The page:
When it rains, it pours. And there ain’t a big enough umbrella for all President Obama’s cronies and fixers to crowd under these days.
While the Solyndra BGB (big green boondoggle) continues to blow up on Capitol Hill, the White House faces another pay-for-play backlash — this time from his own left flank.
The liberal Daily Beast reports on a broadband project backed by a frequent Obama White House visitor and donor that has Pentagon officials concerned over potential military GPS interference. The Obama FCC took the lead in intervening on the donor, billionaire hedge fund manager Philip Falcone’s, behalf and granting his company called “LightSquared” one of those coveted Obama waivers from existing law. Then Obama officials reportedly pressured a general to alter his testimony about the company’s impact on military satellite transmissions.
In a nutshell:
The four-star Air Force general who oversees U.S. Space Command walked into a highly secured room on Capitol Hill a week ago to give a classified briefing to lawmakers and staff, and dropped a surprise. Pressed by members, Gen. William Shelton said the White House tried to pressure him to change his testimony to make it more favorable to a company tied to a large Democratic donor.
The episode—confirmed by The Daily Beast in interviews with administration officials and the chairman of a congressional oversight committee—is the latest in a string of incidents that have given Republicans sudden fodder for questions about whether the Obama administration is politically interfering in routine government matters that affect donors or fundraisers. Already, the FBI and a House committee are investigating a federal loan guarantee to a now failed solar firm called Solyndra that is tied to a large Obama fundraiser.
Now the Pentagon has been raising concerns about a new wireless project by a satellite broadband company in Virginia called LightSquared, whose majority owner is an investment fund run by Democratic donor Philip Falcone. Gen. Shelton was originally scheduled to testify Aug. 3 to a House committee that the project would interfere with the military’s sensitive Global Positioning Satellite capabilities, which control automated driving directions and missile targeting, among other things.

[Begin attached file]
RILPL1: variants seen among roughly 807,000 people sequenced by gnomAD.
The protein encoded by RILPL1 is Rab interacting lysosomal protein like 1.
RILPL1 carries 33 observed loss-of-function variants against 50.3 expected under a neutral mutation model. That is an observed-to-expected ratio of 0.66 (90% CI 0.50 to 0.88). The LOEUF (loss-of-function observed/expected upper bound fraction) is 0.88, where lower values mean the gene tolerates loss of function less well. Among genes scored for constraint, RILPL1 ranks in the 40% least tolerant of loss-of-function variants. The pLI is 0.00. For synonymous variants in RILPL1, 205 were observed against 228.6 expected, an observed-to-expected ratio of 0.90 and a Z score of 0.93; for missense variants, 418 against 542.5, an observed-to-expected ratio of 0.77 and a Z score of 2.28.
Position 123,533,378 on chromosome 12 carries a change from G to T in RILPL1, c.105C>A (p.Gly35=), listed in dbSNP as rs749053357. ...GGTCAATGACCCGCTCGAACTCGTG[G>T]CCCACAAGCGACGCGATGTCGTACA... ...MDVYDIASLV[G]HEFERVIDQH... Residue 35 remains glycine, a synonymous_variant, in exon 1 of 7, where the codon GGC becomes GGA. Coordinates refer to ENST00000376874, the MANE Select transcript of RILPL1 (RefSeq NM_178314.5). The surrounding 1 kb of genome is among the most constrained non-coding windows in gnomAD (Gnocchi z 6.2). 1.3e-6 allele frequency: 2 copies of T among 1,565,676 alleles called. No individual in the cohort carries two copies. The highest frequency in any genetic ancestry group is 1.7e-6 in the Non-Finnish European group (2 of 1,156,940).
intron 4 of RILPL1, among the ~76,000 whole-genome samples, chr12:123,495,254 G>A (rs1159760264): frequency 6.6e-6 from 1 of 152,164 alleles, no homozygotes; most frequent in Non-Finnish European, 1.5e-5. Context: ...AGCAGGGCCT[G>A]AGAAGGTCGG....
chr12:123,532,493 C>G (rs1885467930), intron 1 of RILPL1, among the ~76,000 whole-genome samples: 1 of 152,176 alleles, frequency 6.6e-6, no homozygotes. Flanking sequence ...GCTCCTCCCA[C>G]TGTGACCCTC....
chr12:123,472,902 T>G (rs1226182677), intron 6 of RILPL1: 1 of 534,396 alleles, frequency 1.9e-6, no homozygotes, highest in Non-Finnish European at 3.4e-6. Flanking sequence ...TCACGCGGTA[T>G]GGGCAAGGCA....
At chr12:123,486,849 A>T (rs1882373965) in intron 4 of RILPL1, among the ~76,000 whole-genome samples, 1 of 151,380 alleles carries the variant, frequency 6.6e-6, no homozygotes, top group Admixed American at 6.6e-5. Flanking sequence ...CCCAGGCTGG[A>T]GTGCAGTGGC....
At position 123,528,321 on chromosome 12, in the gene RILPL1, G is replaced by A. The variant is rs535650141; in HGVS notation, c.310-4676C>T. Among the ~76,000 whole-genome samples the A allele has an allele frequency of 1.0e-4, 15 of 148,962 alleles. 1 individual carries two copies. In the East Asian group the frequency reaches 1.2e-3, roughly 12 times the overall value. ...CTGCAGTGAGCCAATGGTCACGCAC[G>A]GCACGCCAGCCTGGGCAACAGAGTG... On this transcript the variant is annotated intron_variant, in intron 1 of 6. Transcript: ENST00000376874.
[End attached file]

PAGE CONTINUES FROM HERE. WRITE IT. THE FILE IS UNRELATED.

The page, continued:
According to officials familiar with the situation, Shelton’s prepared testimony was leaked in advance to the company. And the White House asked the general to alter the testimony to add two points: that the general supported the White House policy to add more broadband for commercial use; and that the Pentagon would try to resolve the questions around LightSquared with testing in just 90 days. Shelton chafed at the intervention, which seemed to soften the Pentagon’s position and might be viewed as helping the company as it tries to get the project launched, the officials said.
Via Dan Isett, here’s a press release highlighting how Obama FCC chairman Julius Genachowski went to bat for LightSquared.
Genachowski is refusing to attend a House hearing today on how and why the FCC fast-tracked the matter. Most transparent administration ever:
Lawmakers such as Sen. Chuck Grassley (R-Iowa) have questioned the process that led to what is seen as a fast-tracking of the FCC’s initial approval of LightSquared to operate as a commercial wireless venture, even amid complaints of dangerous GPS interference.
FCC spokeswoman Tammy Sun said on Thursday that the agency intends to send its head of engineering and technology, Julie Knapp, to testify. She said it was a technical hearing, and Knapp was the appropriate agency representative.
FCC Chairman Julius Genachowski has been listed as a witness on the subcommittee’s Web site for days. Sun said it was a mistake.
“We received an invitation from the subcommittee for the chairman or his designee to testify,” she said.
But subcommittee chairman Mike Turner (R-OH) had met with Genachowski and had made it clear that he wanted the agency head to attend the hearing, according to spokesman Thomas Crosson.
“The FCC told us late yesterday that he would not be attending” Crosson said in an e-mail. “We had expected him to attend, and it was made clear as such.”